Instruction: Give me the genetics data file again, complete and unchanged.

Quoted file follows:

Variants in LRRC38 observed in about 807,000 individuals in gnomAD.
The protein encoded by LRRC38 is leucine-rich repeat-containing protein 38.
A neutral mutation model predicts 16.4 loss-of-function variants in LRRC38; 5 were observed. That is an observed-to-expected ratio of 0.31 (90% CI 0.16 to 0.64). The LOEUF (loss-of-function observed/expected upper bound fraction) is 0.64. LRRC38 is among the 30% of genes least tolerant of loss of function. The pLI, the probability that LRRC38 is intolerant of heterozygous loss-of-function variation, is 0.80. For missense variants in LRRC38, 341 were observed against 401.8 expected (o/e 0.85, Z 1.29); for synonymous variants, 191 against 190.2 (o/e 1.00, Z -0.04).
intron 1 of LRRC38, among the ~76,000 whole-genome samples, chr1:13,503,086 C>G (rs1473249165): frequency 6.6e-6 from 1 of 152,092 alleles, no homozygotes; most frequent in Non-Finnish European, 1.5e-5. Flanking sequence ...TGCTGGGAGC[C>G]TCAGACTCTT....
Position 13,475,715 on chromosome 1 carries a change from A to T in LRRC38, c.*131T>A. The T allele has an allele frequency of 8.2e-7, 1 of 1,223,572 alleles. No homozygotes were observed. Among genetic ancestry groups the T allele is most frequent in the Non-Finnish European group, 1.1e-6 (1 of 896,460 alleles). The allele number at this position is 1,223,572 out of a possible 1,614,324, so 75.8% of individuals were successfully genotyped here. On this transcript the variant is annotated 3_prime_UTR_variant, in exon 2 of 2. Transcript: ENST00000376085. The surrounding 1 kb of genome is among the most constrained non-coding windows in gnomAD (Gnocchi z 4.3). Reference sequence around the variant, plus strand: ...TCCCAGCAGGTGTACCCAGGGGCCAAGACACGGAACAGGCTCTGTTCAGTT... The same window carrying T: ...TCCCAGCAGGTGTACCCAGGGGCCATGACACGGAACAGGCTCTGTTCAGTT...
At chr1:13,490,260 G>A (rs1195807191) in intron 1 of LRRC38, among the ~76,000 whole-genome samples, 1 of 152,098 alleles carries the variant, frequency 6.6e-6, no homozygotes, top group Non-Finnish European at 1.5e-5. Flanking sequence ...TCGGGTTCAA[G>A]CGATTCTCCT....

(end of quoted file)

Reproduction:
Variants in LRRC38 observed in about 807,000 individuals in gnomAD.
The protein encoded by LRRC38 is leucine-rich repeat-containing protein 38.
A neutral mutation model predicts 16.4 loss-of-function variants in LRRC38; 5 were observed. That is an observed-to-expected ratio of 0.31 (90% CI 0.16 to 0.64). The LOEUF (loss-of-function observed/expected upper bound fraction) is 0.64. LRRC38 is among the 30% of genes least tolerant of loss of function. The pLI, the probability that LRRC38 is intolerant of heterozygous loss-of-function variation, is 0.80. For missense variants in LRRC38, 341 were observed against 401.8 expected (o/e 0.85, Z 1.29); for synonymous variants, 191 against 190.2 (o/e 1.00, Z -0.04).
intron 1 of LRRC38, among the ~76,000 whole-genome samples, chr1:13,503,086 C>G (rs1473249165): frequency 6.6e-6 from 1 of 152,092 alleles, no homozygotes; most frequent in Non-Finnish European, 1.5e-5. Flanking sequence ...TGCTGGGAGC[C>G]TCAGACTCTT....
Position 13,475,715 on chromosome 1 carries a change from A to T in LRRC38, c.*131T>A. The T allele has an allele frequency of 8.2e-7, 1 of 1,223,572 alleles. No homozygotes were observed. Among genetic ancestry groups the T allele is most frequent in the Non-Finnish European group, 1.1e-6 (1 of 896,460 alleles). The allele number at this position is 1,223,572 out of a possible 1,614,324, so 75.8% of individuals were successfully genotyped here. On this transcript the variant is annotated 3_prime_UTR_variant, in exon 2 of 2. Transcript: ENST00000376085. The surrounding 1 kb of genome is among the most constrained non-coding windows in gnomAD (Gnocchi z 4.3). Reference sequence around the variant, plus strand: ...TCCCAGCAGGTGTACCCAGGGGCCAAGACACGGAACAGGCTCTGTTCAGTT... The same window carrying T: ...TCCCAGCAGGTGTACCCAGGGGCCATGACACGGAACAGGCTCTGTTCAGTT...
At chr1:13,490,260 G>A (rs1195807191) in intron 1 of LRRC38, among the ~76,000 whole-genome samples, 1 of 152,098 alleles carries the variant, frequency 6.6e-6, no homozygotes, top group Non-Finnish European at 1.5e-5. Flanking sequence ...TCGGGTTCAA[G>A]CGATTCTCCT....